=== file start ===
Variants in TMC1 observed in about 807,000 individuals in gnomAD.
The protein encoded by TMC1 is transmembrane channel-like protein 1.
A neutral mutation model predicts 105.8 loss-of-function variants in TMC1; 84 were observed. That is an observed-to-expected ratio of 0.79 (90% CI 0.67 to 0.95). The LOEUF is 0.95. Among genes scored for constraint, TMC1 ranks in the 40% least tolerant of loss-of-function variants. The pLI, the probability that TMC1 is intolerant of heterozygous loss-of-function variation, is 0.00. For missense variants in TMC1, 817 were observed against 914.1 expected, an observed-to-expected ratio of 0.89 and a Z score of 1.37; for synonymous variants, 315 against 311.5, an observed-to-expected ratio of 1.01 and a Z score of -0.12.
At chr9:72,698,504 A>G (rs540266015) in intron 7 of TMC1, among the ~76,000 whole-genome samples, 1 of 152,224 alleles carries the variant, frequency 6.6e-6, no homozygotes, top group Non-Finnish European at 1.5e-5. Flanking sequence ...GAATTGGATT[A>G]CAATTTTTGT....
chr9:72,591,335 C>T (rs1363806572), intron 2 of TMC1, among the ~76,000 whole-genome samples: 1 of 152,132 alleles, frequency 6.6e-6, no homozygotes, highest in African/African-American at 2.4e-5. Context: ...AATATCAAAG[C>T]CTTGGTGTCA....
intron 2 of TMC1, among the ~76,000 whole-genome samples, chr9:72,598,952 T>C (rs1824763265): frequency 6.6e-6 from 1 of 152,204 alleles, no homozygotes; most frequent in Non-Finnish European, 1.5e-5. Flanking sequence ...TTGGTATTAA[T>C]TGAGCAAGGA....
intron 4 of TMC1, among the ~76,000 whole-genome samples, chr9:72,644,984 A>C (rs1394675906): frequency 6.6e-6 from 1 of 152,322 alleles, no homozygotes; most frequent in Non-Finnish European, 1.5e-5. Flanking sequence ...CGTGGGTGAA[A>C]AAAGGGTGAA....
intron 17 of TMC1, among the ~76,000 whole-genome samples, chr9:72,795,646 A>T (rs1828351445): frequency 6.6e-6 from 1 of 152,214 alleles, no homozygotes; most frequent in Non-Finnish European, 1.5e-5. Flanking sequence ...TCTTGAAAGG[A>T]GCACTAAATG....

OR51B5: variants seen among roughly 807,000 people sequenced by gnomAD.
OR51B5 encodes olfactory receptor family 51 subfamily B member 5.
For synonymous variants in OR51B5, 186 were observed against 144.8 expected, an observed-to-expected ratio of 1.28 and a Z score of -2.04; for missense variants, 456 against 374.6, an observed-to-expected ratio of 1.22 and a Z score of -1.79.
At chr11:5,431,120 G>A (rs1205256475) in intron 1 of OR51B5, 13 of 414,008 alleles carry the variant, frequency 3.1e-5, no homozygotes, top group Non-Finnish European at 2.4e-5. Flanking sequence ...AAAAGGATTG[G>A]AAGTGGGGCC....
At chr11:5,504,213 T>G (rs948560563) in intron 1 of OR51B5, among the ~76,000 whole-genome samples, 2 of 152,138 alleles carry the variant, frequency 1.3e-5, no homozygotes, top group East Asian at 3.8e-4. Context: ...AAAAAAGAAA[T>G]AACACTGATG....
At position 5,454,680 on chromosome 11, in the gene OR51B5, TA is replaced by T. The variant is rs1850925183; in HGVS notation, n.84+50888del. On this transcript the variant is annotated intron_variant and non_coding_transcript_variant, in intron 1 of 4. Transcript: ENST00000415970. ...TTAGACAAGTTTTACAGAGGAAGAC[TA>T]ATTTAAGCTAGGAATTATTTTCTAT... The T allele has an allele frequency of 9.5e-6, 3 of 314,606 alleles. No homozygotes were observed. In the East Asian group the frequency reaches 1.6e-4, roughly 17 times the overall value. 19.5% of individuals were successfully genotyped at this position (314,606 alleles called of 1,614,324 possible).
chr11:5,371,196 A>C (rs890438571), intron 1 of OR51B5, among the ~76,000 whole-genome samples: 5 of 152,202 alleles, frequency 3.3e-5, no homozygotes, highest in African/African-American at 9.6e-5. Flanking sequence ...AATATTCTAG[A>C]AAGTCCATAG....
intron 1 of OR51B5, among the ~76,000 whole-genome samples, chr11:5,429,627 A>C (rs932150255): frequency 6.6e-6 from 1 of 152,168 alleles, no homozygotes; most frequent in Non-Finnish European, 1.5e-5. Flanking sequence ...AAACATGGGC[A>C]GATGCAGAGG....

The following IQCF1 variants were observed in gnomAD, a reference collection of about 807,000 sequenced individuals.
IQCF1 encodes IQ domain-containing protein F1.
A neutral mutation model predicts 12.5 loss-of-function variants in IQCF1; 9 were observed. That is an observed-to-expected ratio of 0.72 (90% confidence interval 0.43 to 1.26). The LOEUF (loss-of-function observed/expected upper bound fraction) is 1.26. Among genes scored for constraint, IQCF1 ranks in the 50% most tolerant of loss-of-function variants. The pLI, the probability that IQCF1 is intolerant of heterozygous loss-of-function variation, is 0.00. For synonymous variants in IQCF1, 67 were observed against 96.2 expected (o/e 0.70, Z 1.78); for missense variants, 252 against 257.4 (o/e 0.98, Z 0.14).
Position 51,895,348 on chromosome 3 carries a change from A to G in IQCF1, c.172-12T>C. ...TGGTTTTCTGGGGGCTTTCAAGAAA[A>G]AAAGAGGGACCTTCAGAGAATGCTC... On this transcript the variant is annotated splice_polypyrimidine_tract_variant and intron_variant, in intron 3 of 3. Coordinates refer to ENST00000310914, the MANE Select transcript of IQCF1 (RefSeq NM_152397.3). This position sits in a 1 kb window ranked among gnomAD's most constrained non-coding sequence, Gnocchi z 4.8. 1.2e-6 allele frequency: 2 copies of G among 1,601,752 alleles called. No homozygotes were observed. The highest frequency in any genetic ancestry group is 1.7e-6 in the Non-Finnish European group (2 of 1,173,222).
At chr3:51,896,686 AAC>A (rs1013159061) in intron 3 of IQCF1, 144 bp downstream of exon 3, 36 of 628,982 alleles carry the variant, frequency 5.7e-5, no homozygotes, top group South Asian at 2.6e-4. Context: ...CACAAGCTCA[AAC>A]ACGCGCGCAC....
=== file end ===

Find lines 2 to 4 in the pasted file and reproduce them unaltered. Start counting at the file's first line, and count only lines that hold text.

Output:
The protein encoded by TMC1 is transmembrane channel-like protein 1.
A neutral mutation model predicts 105.8 loss-of-function variants in TMC1; 84 were observed. That is an observed-to-expected ratio of 0.79 (90% CI 0.67 to 0.95). The LOEUF is 0.95. Among genes scored for constraint, TMC1 ranks in the 40% least tolerant of loss-of-function variants. The pLI, the probability that TMC1 is intolerant of heterozygous loss-of-function variation, is 0.00. For missense variants in TMC1, 817 were observed against 914.1 expected, an observed-to-expected ratio of 0.89 and a Z score of 1.37; for synonymous variants, 315 against 311.5, an observed-to-expected ratio of 1.01 and a Z score of -0.12.
At chr9:72,698,504 A>G (rs540266015) in intron 7 of TMC1, among the ~76,000 whole-genome samples, 1 of 152,224 alleles carries the variant, frequency 6.6e-6, no homozygotes, top group Non-Finnish European at 1.5e-5. Flanking sequence ...GAATTGGATT[A>G]CAATTTTTGT....